Social Investors Find COVID19 Solutions

    Stockholm (NordSIP) – With the death toll continuously increasing and amid concerns that Africa will be the next focus of the COVID19 pandemic after the USA, financial resources have been galvanised to help this global threat that is bringing the world to a halt.

    Recent activity in sustainable fixed income markets as well as insights from the front lines from asset managers, suggests that while there is much that asset managers and asset owners can do to contribute to the fight against COVID19, uncertainty remains.

    Uncertainty Prevails Despite Policy Action

    “The number of infections in many countries is still rising and, with the exception of China, the end of containment measures is not in sight,” Hans Stegeman, Head of Investment Analysis and Economics at Triodos Investment Management, tells NordSIP. “The current effects of the COVID19 pandemic on the real economy are severe as a result of containment measures, which have a big impact on economic activity in many countries. The ultimate economic effects will depend on how long a lockdown or containment measures will be in place and the responses from central banks and governments.”

    This view is echoed by other investors. “Currently, it is too early to assess the adverse impact that the outbreak of COVID-19 will have on valuations or performance,” Raymond Jacobs, Managing Director at Franklin Real Asset Advisors (FRAA), added. “These events have already begun to significantly disrupt economic growth and continue to cause severe volatility in capital markets.” Stegeman agrees, adding that “we have already seen drastic actions, even more stimulus than in the great financial crisis (GFC), but we doubt if it is enough to counter the demand outfall. It is very likely that we will have a more severe global recession than in the GFC.”

    Social and SDG Bonds To Fight COVID19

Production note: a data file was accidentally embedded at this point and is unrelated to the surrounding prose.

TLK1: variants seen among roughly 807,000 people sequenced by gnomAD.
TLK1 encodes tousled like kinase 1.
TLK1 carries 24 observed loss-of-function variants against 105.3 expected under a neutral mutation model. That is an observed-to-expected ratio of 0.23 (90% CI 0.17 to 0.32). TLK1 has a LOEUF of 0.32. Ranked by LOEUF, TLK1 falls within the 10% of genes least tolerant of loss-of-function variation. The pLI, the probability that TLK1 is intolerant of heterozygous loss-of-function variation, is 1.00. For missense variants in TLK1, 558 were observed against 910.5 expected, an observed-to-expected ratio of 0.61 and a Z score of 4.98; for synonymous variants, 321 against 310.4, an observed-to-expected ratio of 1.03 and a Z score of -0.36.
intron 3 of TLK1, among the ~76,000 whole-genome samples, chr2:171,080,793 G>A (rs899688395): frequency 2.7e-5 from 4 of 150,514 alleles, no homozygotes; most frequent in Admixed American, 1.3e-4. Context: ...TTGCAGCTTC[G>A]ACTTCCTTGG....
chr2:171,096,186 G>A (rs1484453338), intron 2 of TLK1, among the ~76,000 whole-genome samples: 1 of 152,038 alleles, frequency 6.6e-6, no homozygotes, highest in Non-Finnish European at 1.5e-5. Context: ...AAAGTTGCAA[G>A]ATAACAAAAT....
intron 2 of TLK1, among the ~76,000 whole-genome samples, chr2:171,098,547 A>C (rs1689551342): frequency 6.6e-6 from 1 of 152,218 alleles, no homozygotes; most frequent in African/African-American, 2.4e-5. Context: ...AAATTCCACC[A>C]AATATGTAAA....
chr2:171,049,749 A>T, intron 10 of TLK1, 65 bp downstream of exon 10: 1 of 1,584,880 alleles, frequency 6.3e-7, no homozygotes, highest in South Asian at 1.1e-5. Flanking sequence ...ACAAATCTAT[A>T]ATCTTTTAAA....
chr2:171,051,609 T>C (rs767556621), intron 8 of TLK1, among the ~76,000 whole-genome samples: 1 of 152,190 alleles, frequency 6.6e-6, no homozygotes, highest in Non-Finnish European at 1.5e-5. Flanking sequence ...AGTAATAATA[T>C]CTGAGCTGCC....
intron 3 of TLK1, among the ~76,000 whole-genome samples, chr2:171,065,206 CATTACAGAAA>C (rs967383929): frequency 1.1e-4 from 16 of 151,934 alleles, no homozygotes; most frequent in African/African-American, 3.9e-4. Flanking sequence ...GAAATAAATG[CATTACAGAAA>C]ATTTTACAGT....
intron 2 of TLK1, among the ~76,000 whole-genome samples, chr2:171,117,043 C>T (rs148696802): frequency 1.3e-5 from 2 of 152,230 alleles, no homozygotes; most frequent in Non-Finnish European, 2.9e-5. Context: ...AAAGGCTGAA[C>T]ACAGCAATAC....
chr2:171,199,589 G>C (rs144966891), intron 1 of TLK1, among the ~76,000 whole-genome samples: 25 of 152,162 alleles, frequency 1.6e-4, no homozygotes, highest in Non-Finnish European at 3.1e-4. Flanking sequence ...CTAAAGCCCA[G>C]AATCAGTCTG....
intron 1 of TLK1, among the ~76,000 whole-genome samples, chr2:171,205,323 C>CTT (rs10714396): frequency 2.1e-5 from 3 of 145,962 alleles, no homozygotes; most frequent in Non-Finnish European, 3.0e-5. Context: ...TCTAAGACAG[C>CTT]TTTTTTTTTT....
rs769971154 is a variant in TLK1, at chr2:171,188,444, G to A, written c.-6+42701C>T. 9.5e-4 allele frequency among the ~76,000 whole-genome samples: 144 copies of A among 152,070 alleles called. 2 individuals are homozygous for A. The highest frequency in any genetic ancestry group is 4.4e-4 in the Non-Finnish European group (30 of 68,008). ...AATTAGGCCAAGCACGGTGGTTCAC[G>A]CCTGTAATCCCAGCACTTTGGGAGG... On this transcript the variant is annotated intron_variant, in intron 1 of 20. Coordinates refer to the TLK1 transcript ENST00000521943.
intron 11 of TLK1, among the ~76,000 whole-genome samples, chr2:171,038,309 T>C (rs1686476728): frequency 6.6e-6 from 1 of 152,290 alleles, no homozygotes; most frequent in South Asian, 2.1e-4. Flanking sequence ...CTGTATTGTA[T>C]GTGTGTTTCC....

The response from policy markets has echoed through to financial markets. response In fixed income as well as in equity markets, the convention has been for these efforts to fall under the remit of the “S” in ESG. In this context, we have noticed frenetic activity in the Social bonds market lately. On March 19th, Alecta, Folksam and Länsförsäkringar appear to have swooped up all of the International Finance Corporation’s (IFC) SEK3 billion social bond to provide financial support and loans to companies adversely affected by the spread and turmoil linked to COVID19.  At the end of last week, Pfizer issued a US$1.25 billion ten-year “sustainability” bond aimed, among other goals, at fighting the pandemic.

    However, this week saw multinational and regional developments banks go on overdrive. On March 27th, the African Development Bank launched an inaugural US$3 billion “Fight COVID-19” Social Bond. On March 30th, the Nordic Investment Bank (NIB) issued its first, €1 billion NIB Response Bond, whose funds will be channelled to social and economic projects related to COVID19 in Sweden, Norway, Denmark, Iceland, Finland, Estonia, Latvia and Lithuania. On the same day, the Inter-American Development Bank issued a US$2 billion sustainable development bond (SDB), with funds channelled to the healthcare system, social security and fiscal policy. The day after, the European Investment Bank followed suit, issuing a SEK3 billion Sustainable Awareness bond aimed at supporting healthcare services and businesses throughout the COVID19 crisis.

    COVID19 and Social Infrastructure

    “For real estate, in particular, we believe that it will greatly diminish transaction volumes and moderate near-term leasing and financing activity, as well as adversely impact operating performance at the asset level in certain sectors (such as hotels, discretionary retail and leisure) and specific locations,” FRAA’s Jacobs argues.